Would you want to be trained in the gym, by this man? Don’t answer yet, this is Drew Manning, a physical trainer in Utah, who gained 75lbs on purpose, to understand what his clients go through when trying to lose weight!The personal trainer from Eagle Mountain, Utah was used to being buff and in-shape. But he had just spent six months on an unrestricted diet of sugary and fatty foods and no exercise in a bid to empathize with his overweight clients. He gained 75 pounds in the process, ballooning to 265 pounds. This was his first workout as an overweight person.
“I felt judged at the gym, and it really was a humbling experience,” Manning, 31, told the Star. “No one was mean to me or said anything rude. But you can kind of tell by the way someone looks at you that there’s judgment in their eyes.”
The workout was grim: after a struggle, including some difficult knee pushups, Manning went home physically shaken and mentally defeated.
The gym visit came after the first month of his journey back to fitness saw him lose 19 pounds without lifting a single dumbbell.
“One of the biggest things I learned was how powerful food cravings are and how addictive food can be,” he said. “Before, I would just look at (overeating) as laziness.”
In the end, Manning lost all the weight he had put on, but it wasn’t all smooth sailing. With about 20 pounds left to lose after four months of dieting, he hit a plateau. One week he barely lost any weight; another he even gained a pound.
“I was doing everything right, but it was frustrating not to see the numbers change on the scale,” he said. “Overcoming that and seeing that hard work does pay off — and seeing the numbers move again — that was my Eureka moment.”
For Torontonians, Manning’s story may be reminiscent of a similarly public, but less successful weight-loss battle: Mayor Rob Ford’s and brother Doug Ford’s Cut the Waist Challenge, in which the mayor missed his goal by 33 pounds.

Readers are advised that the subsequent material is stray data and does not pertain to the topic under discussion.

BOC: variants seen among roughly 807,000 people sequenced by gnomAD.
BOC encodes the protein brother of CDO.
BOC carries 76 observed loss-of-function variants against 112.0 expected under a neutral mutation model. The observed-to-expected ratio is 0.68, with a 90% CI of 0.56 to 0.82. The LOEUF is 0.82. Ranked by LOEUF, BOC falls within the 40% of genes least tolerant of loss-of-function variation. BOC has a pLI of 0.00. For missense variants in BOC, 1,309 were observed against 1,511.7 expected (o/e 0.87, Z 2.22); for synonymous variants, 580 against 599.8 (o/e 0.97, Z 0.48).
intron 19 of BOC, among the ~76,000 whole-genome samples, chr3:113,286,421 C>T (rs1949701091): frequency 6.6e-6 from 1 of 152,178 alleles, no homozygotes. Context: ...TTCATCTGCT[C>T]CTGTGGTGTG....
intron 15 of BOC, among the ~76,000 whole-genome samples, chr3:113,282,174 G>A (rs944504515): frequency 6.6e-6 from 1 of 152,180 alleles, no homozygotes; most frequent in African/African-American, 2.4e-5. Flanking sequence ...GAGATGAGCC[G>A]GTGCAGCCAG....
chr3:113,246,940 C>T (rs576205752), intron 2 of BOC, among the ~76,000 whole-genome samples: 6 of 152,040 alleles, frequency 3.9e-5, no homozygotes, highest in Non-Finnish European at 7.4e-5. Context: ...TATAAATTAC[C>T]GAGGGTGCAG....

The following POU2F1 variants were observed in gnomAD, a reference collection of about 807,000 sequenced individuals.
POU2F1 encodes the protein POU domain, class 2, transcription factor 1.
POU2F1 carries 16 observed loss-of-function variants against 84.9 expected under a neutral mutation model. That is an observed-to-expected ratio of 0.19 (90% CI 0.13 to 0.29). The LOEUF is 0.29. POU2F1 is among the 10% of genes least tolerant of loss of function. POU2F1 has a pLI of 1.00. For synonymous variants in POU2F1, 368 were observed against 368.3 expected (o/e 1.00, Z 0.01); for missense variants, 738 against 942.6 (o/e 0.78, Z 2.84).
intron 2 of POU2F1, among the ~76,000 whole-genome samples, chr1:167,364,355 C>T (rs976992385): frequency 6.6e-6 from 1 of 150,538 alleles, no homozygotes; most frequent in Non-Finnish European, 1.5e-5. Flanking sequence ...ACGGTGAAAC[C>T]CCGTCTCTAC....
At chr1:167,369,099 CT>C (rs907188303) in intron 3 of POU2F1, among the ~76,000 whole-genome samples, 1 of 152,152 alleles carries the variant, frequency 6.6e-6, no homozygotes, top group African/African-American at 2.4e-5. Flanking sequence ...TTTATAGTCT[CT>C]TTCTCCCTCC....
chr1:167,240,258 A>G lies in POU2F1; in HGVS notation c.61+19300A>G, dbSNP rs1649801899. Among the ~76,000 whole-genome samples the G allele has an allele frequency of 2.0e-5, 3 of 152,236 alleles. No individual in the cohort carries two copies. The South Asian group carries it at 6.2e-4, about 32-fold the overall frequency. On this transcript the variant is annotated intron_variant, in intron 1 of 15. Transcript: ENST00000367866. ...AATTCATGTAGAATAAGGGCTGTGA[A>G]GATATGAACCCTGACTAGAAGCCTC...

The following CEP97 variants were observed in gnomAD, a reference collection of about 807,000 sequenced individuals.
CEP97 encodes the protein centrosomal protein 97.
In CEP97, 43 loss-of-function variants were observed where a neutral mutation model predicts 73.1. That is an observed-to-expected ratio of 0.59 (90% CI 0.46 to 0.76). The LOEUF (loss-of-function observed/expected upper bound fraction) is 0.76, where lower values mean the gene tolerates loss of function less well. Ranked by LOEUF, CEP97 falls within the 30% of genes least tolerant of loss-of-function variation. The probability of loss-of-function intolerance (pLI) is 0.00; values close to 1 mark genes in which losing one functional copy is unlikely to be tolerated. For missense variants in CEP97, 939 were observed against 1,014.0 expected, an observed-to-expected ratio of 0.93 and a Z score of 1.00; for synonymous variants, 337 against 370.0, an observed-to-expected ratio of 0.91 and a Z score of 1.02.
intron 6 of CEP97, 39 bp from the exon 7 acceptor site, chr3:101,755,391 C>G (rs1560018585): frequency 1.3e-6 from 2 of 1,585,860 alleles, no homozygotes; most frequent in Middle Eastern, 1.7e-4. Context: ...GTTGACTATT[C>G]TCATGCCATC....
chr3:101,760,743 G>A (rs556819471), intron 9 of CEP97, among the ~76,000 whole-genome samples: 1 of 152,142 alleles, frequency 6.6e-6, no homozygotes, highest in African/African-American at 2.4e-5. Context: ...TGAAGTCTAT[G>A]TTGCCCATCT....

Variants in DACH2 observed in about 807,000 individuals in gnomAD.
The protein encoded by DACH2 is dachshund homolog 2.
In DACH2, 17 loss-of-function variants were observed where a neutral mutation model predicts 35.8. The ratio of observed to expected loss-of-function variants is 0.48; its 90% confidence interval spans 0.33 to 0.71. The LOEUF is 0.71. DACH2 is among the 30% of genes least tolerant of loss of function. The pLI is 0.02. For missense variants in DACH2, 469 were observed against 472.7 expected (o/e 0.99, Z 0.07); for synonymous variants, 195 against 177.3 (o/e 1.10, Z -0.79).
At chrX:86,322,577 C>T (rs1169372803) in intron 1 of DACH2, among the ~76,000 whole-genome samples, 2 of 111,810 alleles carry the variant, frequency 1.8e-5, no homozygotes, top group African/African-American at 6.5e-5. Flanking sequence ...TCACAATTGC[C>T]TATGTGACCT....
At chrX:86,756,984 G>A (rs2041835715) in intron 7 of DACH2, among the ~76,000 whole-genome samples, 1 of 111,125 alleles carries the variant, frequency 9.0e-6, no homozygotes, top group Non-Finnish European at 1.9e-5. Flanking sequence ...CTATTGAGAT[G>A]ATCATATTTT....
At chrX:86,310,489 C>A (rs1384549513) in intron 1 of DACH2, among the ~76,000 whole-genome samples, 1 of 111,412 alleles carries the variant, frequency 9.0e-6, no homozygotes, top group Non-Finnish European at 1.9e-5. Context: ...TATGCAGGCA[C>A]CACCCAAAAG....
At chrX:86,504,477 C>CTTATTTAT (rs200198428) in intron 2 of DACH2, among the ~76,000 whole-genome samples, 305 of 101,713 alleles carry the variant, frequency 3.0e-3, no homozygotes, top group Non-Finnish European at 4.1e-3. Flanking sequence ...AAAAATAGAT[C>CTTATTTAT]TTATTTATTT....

Manning lauded the mayor for publicly declaring his weight loss goal of 50 pounds in January. “That’s a good first step … I think a lot of people need that kind of accountability. For (the mayor), it didn’t work, but for a lot of people it does.”
The key, Manning said, is to avoid the “diet mentality.”
“We do these competitions, or we watch ‘The Biggest Loser,’ and we try and lose as much weight as possible,” he said. “I don’t think losing the weight is the biggest trial or the hardest challenge. The biggest challenge is making it a lifestyle and keeping the weight off.”
“My whole philosophy is to get people to get rid of the diet mentality and really embrace the lifestyle change … rather than just saying ‘In six months I’m going to lose 50 pounds.’”
Manning is practically back to his old physical appearance, but he knows he isn’t the same as a year ago. Those fat cells don’t go away; they just get smaller, and Manning knows it’s easier for him to put weight back on.
“I don’t worry too much about letting myself go, but I just have to be conscious of it.”
He also concedes he was only overweight for a few months and muscle memory probably helped him get fit again.
“I’m not going to pretend I know what it’s like for the mayor and all those who have been overweight for years, or decades.”
When Manning started his experiment, he expected might get some regional attention, but his story has gone worldwide via his website, fit2fat2fit.com and Facebook page. He left his job as a medical technician to become a full-time trainer and has written a book called Fit2Fat2Fit: The Unexpected Lessons from Gaining and Losing 75 lbs. on Purpose. The exercises and meal plans Manning used to get fit again remain free online, but he’s starting a special section of his website where people can sign up to receive customized plans for a fee. He’s also launching his own line of supplements.
Manning said he has received some 200 emails with weight loss stories and photos from people who had been overweight for years and who got fit along with him. He calls them Team Drew and posts their stories online.
“People can call it crazy, what I did, or idiotic or dumb, I’ve heard it all. But to know there are people who have changed their lifestyle, and showing their success stories, makes all of that worth it.”
Manning’s wife Lynn — who gets her own chapter, “The Ick Factor,” in his book — is happy to have a husband back who’s less lethargic and more useful around the house and caring for their two young daughters.
“She’ll tell you that there’s nothing sexier than confidence, and there’s nothing sexier than a man doing the dishes,” Manning said with a laugh. “The six pack … is just an added bonus.” from: thestar.com
(You may want to change your answer to my initial question, now…lol )